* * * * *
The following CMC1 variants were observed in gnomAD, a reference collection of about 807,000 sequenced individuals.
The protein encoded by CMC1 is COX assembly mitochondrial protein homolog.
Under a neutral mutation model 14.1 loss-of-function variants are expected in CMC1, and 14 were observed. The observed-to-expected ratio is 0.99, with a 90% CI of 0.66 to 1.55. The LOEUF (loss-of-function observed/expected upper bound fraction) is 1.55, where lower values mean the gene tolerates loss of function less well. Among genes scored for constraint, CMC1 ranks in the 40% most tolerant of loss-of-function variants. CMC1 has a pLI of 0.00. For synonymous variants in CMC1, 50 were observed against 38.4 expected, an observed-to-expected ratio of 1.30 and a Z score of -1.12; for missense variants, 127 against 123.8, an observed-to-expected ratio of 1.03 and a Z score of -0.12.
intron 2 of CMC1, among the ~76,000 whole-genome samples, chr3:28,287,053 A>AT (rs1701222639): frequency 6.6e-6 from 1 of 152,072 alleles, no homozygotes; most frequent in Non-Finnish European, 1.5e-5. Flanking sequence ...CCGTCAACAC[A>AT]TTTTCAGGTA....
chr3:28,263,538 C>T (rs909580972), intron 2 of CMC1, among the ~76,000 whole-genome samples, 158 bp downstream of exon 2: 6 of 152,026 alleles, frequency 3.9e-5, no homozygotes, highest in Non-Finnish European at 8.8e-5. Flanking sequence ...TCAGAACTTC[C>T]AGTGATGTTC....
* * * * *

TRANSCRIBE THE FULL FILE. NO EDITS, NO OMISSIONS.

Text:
The following CMC1 variants were observed in gnomAD, a reference collection of about 807,000 sequenced individuals.
The protein encoded by CMC1 is COX assembly mitochondrial protein homolog.
Under a neutral mutation model 14.1 loss-of-function variants are expected in CMC1, and 14 were observed. The observed-to-expected ratio is 0.99, with a 90% CI of 0.66 to 1.55. The LOEUF (loss-of-function observed/expected upper bound fraction) is 1.55, where lower values mean the gene tolerates loss of function less well. Among genes scored for constraint, CMC1 ranks in the 40% most tolerant of loss-of-function variants. CMC1 has a pLI of 0.00. For synonymous variants in CMC1, 50 were observed against 38.4 expected, an observed-to-expected ratio of 1.30 and a Z score of -1.12; for missense variants, 127 against 123.8, an observed-to-expected ratio of 1.03 and a Z score of -0.12.
intron 2 of CMC1, among the ~76,000 whole-genome samples, chr3:28,287,053 A>AT (rs1701222639): frequency 6.6e-6 from 1 of 152,072 alleles, no homozygotes; most frequent in Non-Finnish European, 1.5e-5. Flanking sequence ...CCGTCAACAC[A>AT]TTTTCAGGTA....
chr3:28,263,538 C>T (rs909580972), intron 2 of CMC1, among the ~76,000 whole-genome samples, 158 bp downstream of exon 2: 6 of 152,026 alleles, frequency 3.9e-5, no homozygotes, highest in Non-Finnish European at 8.8e-5. Flanking sequence ...TCAGAACTTC[C>T]AGTGATGTTC....